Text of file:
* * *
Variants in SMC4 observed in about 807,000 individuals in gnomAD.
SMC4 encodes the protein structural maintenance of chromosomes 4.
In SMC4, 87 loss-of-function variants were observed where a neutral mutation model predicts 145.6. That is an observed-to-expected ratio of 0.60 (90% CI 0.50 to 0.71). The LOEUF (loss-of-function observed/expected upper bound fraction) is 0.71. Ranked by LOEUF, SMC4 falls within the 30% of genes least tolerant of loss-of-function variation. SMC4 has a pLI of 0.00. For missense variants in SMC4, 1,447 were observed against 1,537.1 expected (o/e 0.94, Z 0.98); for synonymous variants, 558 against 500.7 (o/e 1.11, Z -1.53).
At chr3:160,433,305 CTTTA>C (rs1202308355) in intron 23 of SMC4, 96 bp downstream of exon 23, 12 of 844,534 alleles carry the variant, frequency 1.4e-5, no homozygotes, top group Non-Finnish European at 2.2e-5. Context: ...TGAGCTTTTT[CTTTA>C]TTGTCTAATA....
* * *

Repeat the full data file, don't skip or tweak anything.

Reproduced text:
Variants in SMC4 observed in about 807,000 individuals in gnomAD.
SMC4 encodes the protein structural maintenance of chromosomes 4.
In SMC4, 87 loss-of-function variants were observed where a neutral mutation model predicts 145.6. That is an observed-to-expected ratio of 0.60 (90% CI 0.50 to 0.71). The LOEUF (loss-of-function observed/expected upper bound fraction) is 0.71. Ranked by LOEUF, SMC4 falls within the 30% of genes least tolerant of loss-of-function variation. SMC4 has a pLI of 0.00. For missense variants in SMC4, 1,447 were observed against 1,537.1 expected (o/e 0.94, Z 0.98); for synonymous variants, 558 against 500.7 (o/e 1.11, Z -1.53).
At chr3:160,433,305 CTTTA>C (rs1202308355) in intron 23 of SMC4, 96 bp downstream of exon 23, 12 of 844,534 alleles carry the variant, frequency 1.4e-5, no homozygotes, top group Non-Finnish European at 2.2e-5. Context: ...TGAGCTTTTT[CTTTA>C]TTGTCTAATA....